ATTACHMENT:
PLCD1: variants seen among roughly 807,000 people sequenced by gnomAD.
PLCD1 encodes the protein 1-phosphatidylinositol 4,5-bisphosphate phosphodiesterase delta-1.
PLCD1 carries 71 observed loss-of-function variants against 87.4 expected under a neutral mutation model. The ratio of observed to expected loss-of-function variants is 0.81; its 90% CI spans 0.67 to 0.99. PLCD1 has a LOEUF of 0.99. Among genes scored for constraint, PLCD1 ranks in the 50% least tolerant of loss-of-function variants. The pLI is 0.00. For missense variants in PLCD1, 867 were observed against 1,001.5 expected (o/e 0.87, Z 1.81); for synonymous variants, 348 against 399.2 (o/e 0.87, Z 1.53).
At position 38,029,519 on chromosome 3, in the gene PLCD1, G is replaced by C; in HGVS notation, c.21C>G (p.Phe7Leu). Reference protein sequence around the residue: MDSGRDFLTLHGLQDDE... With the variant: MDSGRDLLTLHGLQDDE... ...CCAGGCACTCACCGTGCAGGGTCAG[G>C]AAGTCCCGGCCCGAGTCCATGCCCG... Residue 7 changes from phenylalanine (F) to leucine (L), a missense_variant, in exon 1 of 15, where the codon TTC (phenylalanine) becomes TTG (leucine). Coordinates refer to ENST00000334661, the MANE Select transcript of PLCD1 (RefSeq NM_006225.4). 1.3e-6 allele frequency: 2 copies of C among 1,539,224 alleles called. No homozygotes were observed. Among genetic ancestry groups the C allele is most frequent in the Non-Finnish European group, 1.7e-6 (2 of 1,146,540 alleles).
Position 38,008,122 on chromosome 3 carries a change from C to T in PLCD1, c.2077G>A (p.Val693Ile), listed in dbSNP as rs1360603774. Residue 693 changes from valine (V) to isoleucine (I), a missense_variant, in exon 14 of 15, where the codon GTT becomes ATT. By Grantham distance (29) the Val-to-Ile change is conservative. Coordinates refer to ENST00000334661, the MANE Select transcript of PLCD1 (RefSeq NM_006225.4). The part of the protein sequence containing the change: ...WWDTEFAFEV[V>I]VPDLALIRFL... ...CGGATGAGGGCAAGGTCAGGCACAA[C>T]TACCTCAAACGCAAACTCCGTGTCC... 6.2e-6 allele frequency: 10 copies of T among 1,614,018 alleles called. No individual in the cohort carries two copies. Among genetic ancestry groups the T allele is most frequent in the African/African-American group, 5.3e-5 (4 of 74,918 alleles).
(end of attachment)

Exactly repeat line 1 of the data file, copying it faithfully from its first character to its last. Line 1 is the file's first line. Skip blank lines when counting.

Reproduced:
PLCD1: variants seen among roughly 807,000 people sequenced by gnomAD.